Spicing it up

Spices, Chapel Market

This evening, we didn’t feel like preparing food so we decided, as we often do, to go for a ruby. If non-British readers are puzzled as to what that might be, the accompanying illustration might provide a clue. It shows Spices, our favourite Indian restaurant in Chapel Market.

If you are still at a loss, I should explain that “ruby”, from the name of singer Ruby Murray, is London rhyming slang for a curry.

Of the many national cuisines available in London, I think Indian is our favourite. It is bound to be a hit with a vegetarian because India is homeland to some of the oldest vegetarian culinary traditions. There are a number of pure vegetarian Indian restaurants in London (in fact, there is one opposite Spices) but even non-vegetarian ones offer menus replete with vegetarian and even vegan dishes.

Like most Indian restaurants, Spices provides takeaway meals as well as meals served at table. They will deliver your order to your door but I always go to the restaurant to collect mine.

I phone first. These days, I only need give my name. In fact, I don’t even need to do that as the manager immediately recognizes my voice. There is no need, either, to say what I want. He knows because it is always the same: two motor ponir and two portions of vegetable rice. He adds a couple of complimentary poppadoms or “big crisps”, as Tigger calls them.

“That will be ready in 25 minutes,” he tells me, but I always go straightway and am there in 10 minutes.

“It will be ready in 1 minute,” he says. And it is.

There are at least 5 Indian restaurants in Chapel Market and even in London that is quite a lot for a modest-sized street. We have patronized all of them at one time or another but always go to Spices for our takeaway.

Spices is what I would describe as a traditional British Indian restaurant. There is nothing “modern” about it. (I do so deplore the current trend for “modernizing” Indian cuisine and venues. It is simply an excuse to serve minute and over-decorated portions at inflated prices.)

We do sometimes “eat in” at Spices but if we do, we avoid the weekends when it is crowded. The owner has worked hard and built the business up to the point where it gets glowing reviews on the foodie Web sites. I was sufficiently inspired to write one myself.

The extraordinary love affair between the British diners and Indian restaurants shows no sign of cooling. I am glad about this because it means we have a reliable vegetarian food source wherever we go.

Even the French have become to succumb to the charm of Indian cuisine as we discovered during our visit to Paris. On our last night we had dinner at an Indian restaurant we had noticed earlier. It was rather fun carrying out the negotiations in French, though I suspect that the manager-waiter, who was Mauritian, would have been as fluent in English as in French.

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About SilverTiger

I live in Islington with my partner, "Tigger". I blog about our life and our travels, using my own photos for illustration.
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7 Responses to Spicing it up

  1. You are a Tiger after my own heart with your love of cheese and curries (not together though eh?). I have a takeaway curry every Thursday night with my sons (tonight!) and we all love them. And we adore the big crisps too.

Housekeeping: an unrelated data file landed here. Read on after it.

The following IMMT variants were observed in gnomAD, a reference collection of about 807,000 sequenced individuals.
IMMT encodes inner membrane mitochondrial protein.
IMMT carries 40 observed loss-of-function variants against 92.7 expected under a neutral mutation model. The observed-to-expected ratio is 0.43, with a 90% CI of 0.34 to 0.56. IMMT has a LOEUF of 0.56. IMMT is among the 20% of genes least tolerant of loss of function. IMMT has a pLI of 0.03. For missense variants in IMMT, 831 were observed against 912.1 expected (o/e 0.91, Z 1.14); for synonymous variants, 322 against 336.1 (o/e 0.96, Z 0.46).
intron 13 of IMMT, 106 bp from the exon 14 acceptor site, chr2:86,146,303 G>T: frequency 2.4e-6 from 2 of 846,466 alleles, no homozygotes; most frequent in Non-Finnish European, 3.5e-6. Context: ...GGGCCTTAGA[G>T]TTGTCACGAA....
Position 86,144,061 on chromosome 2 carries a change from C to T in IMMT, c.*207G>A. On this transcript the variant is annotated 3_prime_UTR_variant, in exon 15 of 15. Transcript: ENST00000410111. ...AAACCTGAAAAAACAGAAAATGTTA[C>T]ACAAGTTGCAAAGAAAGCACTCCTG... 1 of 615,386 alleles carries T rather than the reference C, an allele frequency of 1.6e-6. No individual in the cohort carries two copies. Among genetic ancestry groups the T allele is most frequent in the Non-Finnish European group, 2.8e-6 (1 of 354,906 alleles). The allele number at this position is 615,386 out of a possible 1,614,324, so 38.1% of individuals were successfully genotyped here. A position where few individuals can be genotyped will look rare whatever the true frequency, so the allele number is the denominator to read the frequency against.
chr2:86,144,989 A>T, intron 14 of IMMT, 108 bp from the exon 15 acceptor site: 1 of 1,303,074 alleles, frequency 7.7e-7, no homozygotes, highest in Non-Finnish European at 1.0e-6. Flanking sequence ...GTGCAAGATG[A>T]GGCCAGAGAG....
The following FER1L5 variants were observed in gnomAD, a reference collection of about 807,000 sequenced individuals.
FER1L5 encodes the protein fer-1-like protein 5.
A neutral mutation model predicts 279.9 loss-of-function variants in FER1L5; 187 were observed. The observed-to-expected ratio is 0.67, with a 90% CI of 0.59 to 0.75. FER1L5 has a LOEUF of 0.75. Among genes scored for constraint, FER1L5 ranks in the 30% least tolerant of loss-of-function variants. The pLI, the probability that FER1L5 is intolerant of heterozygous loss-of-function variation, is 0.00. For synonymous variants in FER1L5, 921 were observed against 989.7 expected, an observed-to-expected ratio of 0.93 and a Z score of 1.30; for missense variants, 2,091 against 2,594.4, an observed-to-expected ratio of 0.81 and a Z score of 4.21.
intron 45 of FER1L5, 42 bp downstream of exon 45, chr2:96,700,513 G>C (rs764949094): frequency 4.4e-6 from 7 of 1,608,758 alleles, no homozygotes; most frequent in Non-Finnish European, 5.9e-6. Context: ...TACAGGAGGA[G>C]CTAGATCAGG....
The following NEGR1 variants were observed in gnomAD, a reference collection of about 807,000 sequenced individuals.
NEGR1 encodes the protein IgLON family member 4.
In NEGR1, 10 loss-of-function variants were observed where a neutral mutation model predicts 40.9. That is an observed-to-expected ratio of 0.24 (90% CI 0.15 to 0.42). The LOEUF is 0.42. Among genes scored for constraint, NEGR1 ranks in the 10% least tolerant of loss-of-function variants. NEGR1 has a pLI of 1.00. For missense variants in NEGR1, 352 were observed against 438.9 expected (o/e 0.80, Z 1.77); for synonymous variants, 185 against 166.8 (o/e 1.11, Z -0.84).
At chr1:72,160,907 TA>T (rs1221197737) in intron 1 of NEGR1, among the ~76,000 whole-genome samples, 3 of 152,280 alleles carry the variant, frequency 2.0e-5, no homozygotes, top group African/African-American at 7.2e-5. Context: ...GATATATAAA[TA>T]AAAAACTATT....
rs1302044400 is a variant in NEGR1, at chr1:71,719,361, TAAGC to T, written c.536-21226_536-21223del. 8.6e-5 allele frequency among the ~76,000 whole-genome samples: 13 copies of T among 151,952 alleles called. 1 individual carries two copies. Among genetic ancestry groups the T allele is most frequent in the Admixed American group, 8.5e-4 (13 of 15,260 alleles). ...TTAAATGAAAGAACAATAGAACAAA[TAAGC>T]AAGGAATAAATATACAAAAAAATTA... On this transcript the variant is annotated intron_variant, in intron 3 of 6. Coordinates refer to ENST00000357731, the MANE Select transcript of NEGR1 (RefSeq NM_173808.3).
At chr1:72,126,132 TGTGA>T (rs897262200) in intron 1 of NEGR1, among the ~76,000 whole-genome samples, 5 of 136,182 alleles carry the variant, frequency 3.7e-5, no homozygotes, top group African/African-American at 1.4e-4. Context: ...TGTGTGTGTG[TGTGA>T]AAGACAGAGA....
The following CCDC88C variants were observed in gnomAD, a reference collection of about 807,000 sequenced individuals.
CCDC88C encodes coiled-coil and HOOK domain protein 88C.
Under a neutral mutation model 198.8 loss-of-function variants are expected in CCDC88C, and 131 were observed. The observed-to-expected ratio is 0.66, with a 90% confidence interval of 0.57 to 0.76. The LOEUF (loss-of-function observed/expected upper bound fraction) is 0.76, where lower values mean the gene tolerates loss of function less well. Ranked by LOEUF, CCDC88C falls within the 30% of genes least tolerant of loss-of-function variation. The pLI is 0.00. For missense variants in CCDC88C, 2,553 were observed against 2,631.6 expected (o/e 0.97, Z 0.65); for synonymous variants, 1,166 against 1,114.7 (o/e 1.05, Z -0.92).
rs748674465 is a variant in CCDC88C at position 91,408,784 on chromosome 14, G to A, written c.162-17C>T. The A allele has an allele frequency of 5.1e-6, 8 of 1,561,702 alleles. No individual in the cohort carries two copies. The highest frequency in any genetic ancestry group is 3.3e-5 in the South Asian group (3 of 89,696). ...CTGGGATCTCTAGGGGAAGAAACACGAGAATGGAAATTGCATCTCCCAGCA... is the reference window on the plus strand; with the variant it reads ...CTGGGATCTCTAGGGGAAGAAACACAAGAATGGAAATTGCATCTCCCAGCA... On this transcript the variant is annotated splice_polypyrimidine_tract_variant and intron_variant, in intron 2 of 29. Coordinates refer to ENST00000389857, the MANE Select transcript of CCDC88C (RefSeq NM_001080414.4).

You’ve made me feel very hungry now!

  2. SilverTiger says:

    Funnily enough, we do combine our love of cheese with our love of curry: one of our favourite dishes is ponir (or panir, spell it how you will), which is soft curd cheese cooked with peas or spinach.

    Of course, I would not eat a nice Camembert or Brie with curry. Then again… 🙂

  3. Ed says:

    Neither would I mix Camembert with curry !
    But since I brought back a few recipes from my year in England (1981/1982), I have become the specialist in curries among my friends. We have two Indian restaurant in my town, but they are so dull in comparison with yours…
    On new year’s eve 2006 I cooked an “Indian” Buffet for our “rĂ©veillon” and my friends enjoyed the samosas, dahl, pakoras, chicken curry, chicken tandoori, etc.
    You’re right the French have become civilized and are now able to eat Indian food. So why do Indian restaurant only mild curries ???

  4. David says:

    I was in London as a young man in the late 1980’s. I fell for the “Ruby” in a big way. Although I never heard it called ruby until just now, and I love the rhyming way.
    Got me hungry and thinking for a curry dish big time.
    Thanks for this

  5. SilverTiger says:

    To Ed: I can answer your last query and illustrate it with a story.

    When we were in Ireland a couple of years ago, we visited Galway. We went into an Indian restaurant there. The menu items were labelled “mild”, “hot”, “very hot”, etc. As “hotness” is somewhat subjective, we asked the restaurateur whether we should choose “hot” or “very hot”. He asked “Are you from Galway?” When we said no, he replied “Then you will need very hot!”.

    In other words, the restaurant knew that the good citizen of Galway were not yet ready for the full power of Indian food!

    I imagine they must think the same of the French. I remember once eating a pizza with chilli on it that none of my French relatives would touch, finding it “trop relevĂ©”.

    To David: I don’t think Spices delivers to Whitby, Ontario, otherwise I’d suggest you call them!

  6. Ed says:

    I guess I knew the answer. But I’m convinced the French just need to be educated. My friends have learnt to learn my curry !

  7. SilverTiger says:

    I am sure the French will come around to Indian cuisine. If it takes a while, who can blame them for being slow to venture outside their own splendid culinary traditions!

    I am glad you are such a good ambassador for Indian food in France!

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